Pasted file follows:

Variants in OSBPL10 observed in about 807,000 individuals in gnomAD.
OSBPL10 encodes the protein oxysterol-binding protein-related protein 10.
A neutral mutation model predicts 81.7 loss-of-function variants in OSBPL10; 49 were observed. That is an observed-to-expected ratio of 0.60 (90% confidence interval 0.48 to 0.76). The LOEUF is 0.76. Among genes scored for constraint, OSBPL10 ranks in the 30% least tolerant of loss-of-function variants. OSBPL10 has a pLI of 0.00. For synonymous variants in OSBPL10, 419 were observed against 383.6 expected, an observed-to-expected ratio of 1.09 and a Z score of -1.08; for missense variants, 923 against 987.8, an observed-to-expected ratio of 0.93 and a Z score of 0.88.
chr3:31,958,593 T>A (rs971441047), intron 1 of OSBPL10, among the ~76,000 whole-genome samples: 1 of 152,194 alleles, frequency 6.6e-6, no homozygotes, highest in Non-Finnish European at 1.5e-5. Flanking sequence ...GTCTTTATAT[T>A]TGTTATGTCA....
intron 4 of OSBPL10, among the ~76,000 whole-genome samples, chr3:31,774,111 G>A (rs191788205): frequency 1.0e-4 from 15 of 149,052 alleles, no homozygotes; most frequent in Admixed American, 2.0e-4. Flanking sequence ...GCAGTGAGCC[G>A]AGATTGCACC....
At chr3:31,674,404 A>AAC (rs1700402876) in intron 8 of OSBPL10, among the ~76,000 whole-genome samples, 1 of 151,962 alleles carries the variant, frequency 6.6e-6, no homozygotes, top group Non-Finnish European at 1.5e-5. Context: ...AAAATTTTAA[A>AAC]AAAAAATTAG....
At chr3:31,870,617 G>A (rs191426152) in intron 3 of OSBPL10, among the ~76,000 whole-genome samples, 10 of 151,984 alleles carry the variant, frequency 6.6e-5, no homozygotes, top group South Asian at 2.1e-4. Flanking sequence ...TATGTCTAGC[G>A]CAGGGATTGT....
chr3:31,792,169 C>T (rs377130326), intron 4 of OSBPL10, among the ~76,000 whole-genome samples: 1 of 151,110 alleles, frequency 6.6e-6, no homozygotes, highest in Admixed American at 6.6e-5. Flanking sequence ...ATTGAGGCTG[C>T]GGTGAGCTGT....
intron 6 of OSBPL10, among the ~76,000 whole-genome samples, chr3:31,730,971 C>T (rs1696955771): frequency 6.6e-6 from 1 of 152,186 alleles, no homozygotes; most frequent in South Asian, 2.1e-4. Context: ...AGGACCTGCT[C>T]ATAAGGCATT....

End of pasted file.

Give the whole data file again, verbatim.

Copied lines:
Variants in OSBPL10 observed in about 807,000 individuals in gnomAD.
OSBPL10 encodes the protein oxysterol-binding protein-related protein 10.
A neutral mutation model predicts 81.7 loss-of-function variants in OSBPL10; 49 were observed. That is an observed-to-expected ratio of 0.60 (90% confidence interval 0.48 to 0.76). The LOEUF is 0.76. Among genes scored for constraint, OSBPL10 ranks in the 30% least tolerant of loss-of-function variants. OSBPL10 has a pLI of 0.00. For synonymous variants in OSBPL10, 419 were observed against 383.6 expected, an observed-to-expected ratio of 1.09 and a Z score of -1.08; for missense variants, 923 against 987.8, an observed-to-expected ratio of 0.93 and a Z score of 0.88.
chr3:31,958,593 T>A (rs971441047), intron 1 of OSBPL10, among the ~76,000 whole-genome samples: 1 of 152,194 alleles, frequency 6.6e-6, no homozygotes, highest in Non-Finnish European at 1.5e-5. Flanking sequence ...GTCTTTATAT[T>A]TGTTATGTCA....
intron 4 of OSBPL10, among the ~76,000 whole-genome samples, chr3:31,774,111 G>A (rs191788205): frequency 1.0e-4 from 15 of 149,052 alleles, no homozygotes; most frequent in Admixed American, 2.0e-4. Flanking sequence ...GCAGTGAGCC[G>A]AGATTGCACC....
At chr3:31,674,404 A>AAC (rs1700402876) in intron 8 of OSBPL10, among the ~76,000 whole-genome samples, 1 of 151,962 alleles carries the variant, frequency 6.6e-6, no homozygotes, top group Non-Finnish European at 1.5e-5. Context: ...AAAATTTTAA[A>AAC]AAAAAATTAG....
At chr3:31,870,617 G>A (rs191426152) in intron 3 of OSBPL10, among the ~76,000 whole-genome samples, 10 of 151,984 alleles carry the variant, frequency 6.6e-5, no homozygotes, top group South Asian at 2.1e-4. Flanking sequence ...TATGTCTAGC[G>A]CAGGGATTGT....
chr3:31,792,169 C>T (rs377130326), intron 4 of OSBPL10, among the ~76,000 whole-genome samples: 1 of 151,110 alleles, frequency 6.6e-6, no homozygotes, highest in Admixed American at 6.6e-5. Flanking sequence ...ATTGAGGCTG[C>T]GGTGAGCTGT....
intron 6 of OSBPL10, among the ~76,000 whole-genome samples, chr3:31,730,971 C>T (rs1696955771): frequency 6.6e-6 from 1 of 152,186 alleles, no homozygotes; most frequent in South Asian, 2.1e-4. Context: ...AGGACCTGCT[C>T]ATAAGGCATT....